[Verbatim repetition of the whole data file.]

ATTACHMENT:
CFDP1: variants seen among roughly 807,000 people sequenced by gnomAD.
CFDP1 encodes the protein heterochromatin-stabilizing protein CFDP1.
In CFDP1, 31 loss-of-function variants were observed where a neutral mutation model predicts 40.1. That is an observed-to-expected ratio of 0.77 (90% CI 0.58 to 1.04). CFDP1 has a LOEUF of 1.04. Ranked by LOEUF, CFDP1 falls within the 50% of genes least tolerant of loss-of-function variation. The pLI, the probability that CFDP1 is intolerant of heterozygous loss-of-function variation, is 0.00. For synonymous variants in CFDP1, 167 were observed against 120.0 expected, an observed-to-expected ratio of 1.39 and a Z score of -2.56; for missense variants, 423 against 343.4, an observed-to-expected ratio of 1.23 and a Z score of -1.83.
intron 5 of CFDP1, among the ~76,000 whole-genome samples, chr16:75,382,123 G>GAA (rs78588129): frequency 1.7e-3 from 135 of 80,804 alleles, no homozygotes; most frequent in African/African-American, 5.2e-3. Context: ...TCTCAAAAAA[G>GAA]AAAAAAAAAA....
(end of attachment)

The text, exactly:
CFDP1: variants seen among roughly 807,000 people sequenced by gnomAD.
CFDP1 encodes the protein heterochromatin-stabilizing protein CFDP1.
In CFDP1, 31 loss-of-function variants were observed where a neutral mutation model predicts 40.1. That is an observed-to-expected ratio of 0.77 (90% CI 0.58 to 1.04). CFDP1 has a LOEUF of 1.04. Ranked by LOEUF, CFDP1 falls within the 50% of genes least tolerant of loss-of-function variation. The pLI, the probability that CFDP1 is intolerant of heterozygous loss-of-function variation, is 0.00. For synonymous variants in CFDP1, 167 were observed against 120.0 expected, an observed-to-expected ratio of 1.39 and a Z score of -2.56; for missense variants, 423 against 343.4, an observed-to-expected ratio of 1.23 and a Z score of -1.83.
intron 5 of CFDP1, among the ~76,000 whole-genome samples, chr16:75,382,123 G>GAA (rs78588129): frequency 1.7e-3 from 135 of 80,804 alleles, no homozygotes; most frequent in African/African-American, 5.2e-3. Context: ...TCTCAAAAAA[G>GAA]AAAAAAAAAA....